An article titled “Guided Imagery in Education” in the Journal of Humanistic Psychology declares, “From Delphi’s ‘know thyself’ through scripture’s ‘you shall be as gods!’ we are left with the certitude that we are, indeed, multidimensional beings capable of works beyond our imagining and that our primary purpose in life is to discover who we are and who we can become.” The author seemingly doesn’t know that “you shall be as gods” is Satan’s major lie. The article introduces transpersonal education and states that “meditation and guided imagery are the core of the curriculum.”
The techniques taught to children in public schools are similar to those used by witch doctors for contacting the “spirit guides” (demons) that give them their power. Schoolchildren are taught to visualize themselves under water, see DUSO the dolphin coming to them, focus on it until its image becomes clear, then talk to it. It will talk back. Contact has been made with a spirit entity. Thereafter, DUSO need only be visualized and will come to one’s immediate aid. The nationwide language-arts curriculum READ includes the following visualization exercise:
“Close your eyes and breathe deeply to relax…. Picture in your mind a place…become acquainted with your surroundings…ask to meet a guide. An animal, person or being will accompany you and give you whatever power you might need…. Watch what this new companion does or shows you. Listen to what it says. Go wherever this guide wants to lead you. You are safe….”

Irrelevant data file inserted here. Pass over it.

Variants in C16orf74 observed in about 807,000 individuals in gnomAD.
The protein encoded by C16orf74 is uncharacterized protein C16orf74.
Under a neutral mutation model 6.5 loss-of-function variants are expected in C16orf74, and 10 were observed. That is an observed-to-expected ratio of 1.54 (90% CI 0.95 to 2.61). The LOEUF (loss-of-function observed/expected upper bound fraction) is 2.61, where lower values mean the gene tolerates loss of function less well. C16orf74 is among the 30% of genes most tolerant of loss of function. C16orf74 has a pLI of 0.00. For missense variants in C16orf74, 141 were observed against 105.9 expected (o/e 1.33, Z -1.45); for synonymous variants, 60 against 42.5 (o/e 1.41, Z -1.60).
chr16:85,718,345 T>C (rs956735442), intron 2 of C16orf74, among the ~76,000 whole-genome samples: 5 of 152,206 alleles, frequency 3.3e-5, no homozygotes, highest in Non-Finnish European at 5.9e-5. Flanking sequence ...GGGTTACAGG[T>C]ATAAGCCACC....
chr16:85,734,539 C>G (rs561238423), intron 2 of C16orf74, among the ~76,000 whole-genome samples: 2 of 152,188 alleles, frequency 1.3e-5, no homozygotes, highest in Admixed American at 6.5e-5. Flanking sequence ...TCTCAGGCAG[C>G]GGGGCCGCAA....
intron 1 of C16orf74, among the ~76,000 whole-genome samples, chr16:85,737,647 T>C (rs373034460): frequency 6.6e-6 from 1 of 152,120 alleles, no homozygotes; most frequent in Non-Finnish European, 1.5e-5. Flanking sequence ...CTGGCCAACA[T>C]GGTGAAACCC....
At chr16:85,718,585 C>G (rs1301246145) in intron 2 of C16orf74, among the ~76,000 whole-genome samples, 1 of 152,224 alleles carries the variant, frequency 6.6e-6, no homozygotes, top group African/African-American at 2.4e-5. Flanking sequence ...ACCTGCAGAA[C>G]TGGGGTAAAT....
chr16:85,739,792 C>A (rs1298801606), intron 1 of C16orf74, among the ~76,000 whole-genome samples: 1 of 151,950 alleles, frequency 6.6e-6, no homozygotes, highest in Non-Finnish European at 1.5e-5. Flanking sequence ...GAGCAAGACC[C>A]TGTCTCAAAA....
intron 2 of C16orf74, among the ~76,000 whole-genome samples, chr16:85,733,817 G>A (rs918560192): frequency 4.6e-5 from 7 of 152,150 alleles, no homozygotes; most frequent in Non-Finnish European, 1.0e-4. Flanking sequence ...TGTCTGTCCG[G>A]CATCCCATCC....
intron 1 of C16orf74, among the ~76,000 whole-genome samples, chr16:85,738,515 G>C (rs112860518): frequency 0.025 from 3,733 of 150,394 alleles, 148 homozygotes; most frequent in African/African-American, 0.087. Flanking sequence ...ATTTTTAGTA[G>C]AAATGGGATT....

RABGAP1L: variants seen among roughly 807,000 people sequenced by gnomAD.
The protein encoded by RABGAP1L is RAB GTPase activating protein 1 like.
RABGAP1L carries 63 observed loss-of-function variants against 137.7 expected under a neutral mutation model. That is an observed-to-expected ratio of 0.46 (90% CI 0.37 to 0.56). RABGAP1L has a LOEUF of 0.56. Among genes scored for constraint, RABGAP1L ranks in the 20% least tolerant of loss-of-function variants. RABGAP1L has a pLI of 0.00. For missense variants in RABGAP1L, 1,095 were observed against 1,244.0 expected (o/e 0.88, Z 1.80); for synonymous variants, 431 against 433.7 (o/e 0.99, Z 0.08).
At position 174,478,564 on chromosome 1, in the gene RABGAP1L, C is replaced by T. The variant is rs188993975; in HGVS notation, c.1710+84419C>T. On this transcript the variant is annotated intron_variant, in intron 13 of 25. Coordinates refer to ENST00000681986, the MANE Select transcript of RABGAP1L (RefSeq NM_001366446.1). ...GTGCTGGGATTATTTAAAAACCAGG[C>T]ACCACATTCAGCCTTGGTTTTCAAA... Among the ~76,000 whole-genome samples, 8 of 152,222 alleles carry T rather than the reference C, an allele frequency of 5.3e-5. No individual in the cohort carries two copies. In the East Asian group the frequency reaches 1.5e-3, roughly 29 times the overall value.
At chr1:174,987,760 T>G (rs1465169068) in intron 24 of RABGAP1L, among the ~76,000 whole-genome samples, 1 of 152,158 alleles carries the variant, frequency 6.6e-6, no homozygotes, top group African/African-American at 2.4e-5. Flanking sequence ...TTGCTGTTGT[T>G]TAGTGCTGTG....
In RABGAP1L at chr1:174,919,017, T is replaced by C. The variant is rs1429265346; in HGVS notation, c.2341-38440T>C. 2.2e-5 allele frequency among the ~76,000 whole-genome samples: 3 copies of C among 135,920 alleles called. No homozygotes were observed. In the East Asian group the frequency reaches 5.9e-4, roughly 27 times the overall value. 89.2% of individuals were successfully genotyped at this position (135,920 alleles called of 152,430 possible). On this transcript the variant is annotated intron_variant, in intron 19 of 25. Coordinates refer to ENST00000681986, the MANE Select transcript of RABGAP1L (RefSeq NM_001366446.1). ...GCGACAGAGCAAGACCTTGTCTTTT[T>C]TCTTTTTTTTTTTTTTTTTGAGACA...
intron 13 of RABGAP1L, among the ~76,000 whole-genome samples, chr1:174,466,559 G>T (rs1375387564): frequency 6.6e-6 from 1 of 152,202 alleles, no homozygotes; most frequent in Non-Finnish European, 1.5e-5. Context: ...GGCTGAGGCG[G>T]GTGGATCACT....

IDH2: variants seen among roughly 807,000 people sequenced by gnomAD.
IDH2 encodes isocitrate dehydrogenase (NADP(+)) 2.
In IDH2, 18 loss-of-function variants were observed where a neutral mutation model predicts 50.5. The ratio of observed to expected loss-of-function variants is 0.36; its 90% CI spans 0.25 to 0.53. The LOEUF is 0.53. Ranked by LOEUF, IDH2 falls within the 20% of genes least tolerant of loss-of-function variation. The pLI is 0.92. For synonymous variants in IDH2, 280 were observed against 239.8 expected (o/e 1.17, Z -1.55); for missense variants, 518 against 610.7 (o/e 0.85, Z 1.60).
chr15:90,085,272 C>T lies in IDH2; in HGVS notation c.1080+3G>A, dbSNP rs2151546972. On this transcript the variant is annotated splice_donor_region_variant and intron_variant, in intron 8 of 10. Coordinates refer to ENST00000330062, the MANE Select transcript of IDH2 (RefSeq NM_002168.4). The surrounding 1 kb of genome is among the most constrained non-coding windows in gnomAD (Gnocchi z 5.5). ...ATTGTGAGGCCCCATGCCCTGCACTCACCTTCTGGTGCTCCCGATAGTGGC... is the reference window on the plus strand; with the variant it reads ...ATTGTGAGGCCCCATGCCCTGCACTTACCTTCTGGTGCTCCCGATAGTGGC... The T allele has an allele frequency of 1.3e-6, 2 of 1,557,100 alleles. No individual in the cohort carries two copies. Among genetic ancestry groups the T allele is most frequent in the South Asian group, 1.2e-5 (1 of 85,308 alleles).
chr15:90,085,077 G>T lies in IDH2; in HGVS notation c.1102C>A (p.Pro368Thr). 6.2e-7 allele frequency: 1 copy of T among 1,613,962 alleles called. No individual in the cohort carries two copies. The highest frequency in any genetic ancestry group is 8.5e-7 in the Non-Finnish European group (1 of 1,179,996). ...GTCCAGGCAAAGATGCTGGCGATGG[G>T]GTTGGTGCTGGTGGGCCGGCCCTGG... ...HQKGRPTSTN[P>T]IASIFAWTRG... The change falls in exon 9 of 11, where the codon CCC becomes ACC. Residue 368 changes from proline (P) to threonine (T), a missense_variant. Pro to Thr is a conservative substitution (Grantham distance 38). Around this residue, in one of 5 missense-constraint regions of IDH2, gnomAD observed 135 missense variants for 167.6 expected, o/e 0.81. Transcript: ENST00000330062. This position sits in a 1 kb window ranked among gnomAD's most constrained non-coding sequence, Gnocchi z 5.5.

Third-graders in California were taught to visualize a personal spirit guide in the form of an animal, then had to write about their occult experience with this creature for a public bulletin-board display. Oregon students were seated in the order of their astrological signs for a Winter Solstice celebration as the “sun god” and “moon goddess” entered the auditorium accompanied by chanting and the beating of drums. “Celebrating Winter Solstice with ‘dance around the Solstice tree’ is one of the Anti-Bias Curriculum’s suggested alternatives to Christmas.”
Those who bring the occult into education are highly honored. Occult psychologist Jean Houston was named “Educator of the Year” in 1984-85 by the National Teachers Education Association (NEA) and by the National Catholic Educators. Lamar Alexander, Education Secretary under President Bush, confessed that the book that influenced his thinking the most in the last ten years was A God Within, by Rene Dubos, in which Dubos says that “our salvation depends upon our ability to create a religion of nature…suited to…modern man.”
A Montana mother discovered that her fourth-grader’s class was to pretend it was part of a mythical Indian tribe. The children were to imagine themselves going on a quest “alone in the wilderness…to prove to their tribe that they are worthy of being considered adults.” Concerned that these quests would be used to encounter spirit guides, she studied the lessons. In one, the children were introduced to a mystical youth “from the Modat Tribe, ‘known to have great shamans.’” They were to follow him (in their minds) to a “deep canyon…[were] you feel many spirits rising…calling you to visit this incredible place.” The students were to write a paper describing their adventures there. These are only a few of the examples of occultism being taught to young children in public schools.